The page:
Considerations in Reducing Inflation From Low to Lower Levels
International Monetary Fund, 1998 - Deflation (Finance) - 20 pages
In recent years, many countries have successfully reduced their inflation rates to relatively low levels of 2 to 3 percent. The question then arises as to whether it would be desirable to move to even lower rates of inflation. The paper examines the benefits and costs of moving from low inflation to even lower inflation by drawing together recent work on this issue. Once a country has decided to move to an even lower rate of inflation, the question then becomes whether it would be better to achieve this objective through inflation targeting or price-level targeting. The paper critically reviews the arguments for both approaches.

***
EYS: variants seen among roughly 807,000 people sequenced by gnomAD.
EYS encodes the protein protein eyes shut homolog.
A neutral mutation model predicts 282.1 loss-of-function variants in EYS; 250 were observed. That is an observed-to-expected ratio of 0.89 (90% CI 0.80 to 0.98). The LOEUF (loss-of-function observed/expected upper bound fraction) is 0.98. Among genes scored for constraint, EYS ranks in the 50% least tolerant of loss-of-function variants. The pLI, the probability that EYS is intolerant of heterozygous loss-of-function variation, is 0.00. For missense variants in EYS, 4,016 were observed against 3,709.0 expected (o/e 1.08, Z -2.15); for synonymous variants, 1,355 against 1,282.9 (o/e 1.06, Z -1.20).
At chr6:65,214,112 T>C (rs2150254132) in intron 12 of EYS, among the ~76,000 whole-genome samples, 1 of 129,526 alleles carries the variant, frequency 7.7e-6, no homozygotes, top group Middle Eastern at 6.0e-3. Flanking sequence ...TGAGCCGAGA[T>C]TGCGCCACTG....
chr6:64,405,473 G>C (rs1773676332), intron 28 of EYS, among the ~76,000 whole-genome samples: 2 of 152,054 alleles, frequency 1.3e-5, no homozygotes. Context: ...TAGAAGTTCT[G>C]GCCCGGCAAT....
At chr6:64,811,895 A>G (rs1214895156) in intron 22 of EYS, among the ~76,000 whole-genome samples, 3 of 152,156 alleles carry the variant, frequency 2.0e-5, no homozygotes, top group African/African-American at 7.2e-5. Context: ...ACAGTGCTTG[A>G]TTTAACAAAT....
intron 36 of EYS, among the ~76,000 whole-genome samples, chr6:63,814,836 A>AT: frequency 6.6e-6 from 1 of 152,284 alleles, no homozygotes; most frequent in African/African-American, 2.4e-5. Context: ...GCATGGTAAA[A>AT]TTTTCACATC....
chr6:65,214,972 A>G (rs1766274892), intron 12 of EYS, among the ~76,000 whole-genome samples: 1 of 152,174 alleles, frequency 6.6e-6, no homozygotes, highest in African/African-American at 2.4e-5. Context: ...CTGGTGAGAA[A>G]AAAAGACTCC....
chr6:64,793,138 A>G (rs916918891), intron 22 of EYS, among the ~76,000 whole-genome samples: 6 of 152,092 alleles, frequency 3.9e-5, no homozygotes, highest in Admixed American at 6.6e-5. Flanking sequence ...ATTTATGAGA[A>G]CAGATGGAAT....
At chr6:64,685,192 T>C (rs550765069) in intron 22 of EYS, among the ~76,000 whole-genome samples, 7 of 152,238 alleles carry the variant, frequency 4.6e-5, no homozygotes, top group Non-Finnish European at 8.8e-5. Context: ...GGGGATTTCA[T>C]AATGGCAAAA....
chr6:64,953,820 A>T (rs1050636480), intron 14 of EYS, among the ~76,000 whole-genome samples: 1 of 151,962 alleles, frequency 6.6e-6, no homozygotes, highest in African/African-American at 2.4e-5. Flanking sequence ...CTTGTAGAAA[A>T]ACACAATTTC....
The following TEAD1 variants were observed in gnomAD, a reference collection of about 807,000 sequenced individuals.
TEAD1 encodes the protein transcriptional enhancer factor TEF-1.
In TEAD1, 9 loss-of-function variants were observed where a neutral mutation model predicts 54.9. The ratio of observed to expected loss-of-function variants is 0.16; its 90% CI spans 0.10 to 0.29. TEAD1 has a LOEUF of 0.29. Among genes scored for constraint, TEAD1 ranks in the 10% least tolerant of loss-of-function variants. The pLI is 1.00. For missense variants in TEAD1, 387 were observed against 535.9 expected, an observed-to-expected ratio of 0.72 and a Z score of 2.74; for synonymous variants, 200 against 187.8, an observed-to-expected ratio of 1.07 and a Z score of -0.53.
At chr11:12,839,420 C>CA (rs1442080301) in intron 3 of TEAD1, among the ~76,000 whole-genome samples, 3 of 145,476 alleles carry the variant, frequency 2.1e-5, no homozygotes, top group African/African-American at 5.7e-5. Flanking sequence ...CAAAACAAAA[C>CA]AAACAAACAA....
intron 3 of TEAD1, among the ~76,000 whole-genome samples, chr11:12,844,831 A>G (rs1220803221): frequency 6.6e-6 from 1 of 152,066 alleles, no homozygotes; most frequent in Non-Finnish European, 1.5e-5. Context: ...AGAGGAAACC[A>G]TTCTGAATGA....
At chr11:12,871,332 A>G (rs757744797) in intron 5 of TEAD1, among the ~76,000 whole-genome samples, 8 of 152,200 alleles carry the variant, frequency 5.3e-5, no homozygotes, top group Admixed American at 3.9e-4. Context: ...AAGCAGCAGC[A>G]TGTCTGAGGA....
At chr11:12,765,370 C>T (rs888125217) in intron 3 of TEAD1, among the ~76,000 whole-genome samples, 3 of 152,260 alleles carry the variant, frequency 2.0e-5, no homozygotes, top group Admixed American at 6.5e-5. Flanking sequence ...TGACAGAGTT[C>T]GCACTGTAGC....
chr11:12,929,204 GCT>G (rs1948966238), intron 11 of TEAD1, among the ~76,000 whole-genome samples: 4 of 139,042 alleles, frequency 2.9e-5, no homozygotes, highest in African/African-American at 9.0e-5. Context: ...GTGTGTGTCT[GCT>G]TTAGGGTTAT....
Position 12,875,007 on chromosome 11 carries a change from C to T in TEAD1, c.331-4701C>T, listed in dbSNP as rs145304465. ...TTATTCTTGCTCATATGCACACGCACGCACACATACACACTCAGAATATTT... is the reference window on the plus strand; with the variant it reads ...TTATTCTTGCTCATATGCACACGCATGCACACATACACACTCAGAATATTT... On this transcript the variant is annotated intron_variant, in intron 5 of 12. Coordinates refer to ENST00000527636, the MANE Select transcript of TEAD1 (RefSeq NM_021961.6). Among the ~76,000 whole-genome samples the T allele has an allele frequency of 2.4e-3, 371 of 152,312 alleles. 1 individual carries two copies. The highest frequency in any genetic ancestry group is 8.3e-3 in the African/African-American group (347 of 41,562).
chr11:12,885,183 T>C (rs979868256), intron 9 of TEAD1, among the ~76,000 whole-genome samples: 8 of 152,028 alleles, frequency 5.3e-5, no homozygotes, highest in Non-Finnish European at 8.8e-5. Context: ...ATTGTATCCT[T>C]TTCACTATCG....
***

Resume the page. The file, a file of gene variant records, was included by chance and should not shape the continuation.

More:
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0.75 SDT outcome 4-quarter annualized moving adjust aggregate demand Akerlof annualized moving average Canada central bank confidence interval Core inflation deadweight loss deflation Dev of mean downward nominal wage downward rigidities estimation bias ex ante exchange rates Fortin further disinflation future price level grease inflation outcome inflation shocks inflation targeting regime inflation variance INTERNATIONAL MONETARY FUND labor market low rates low-inflation environment Mean 4-quarter annualized Mean TT outcome monetary policy moving average ſt negative real interest nominal interest rate nominal rigidities nominal wage rigidities output and employment percent inflation period permanent trade-off Phillips curve policy rule price stability Price-level targeting need price-level targeting regime price-level versus inflation quarterly Tt outcome rate of inflation real interest rates real wages reducing inflation reduction in inflation Simulation stance of monetary Std Dev supply shocks tend Tt outcome target unemployment rate variability versus inflation targeting wage changes wage cuts wage freezes wage settlements workers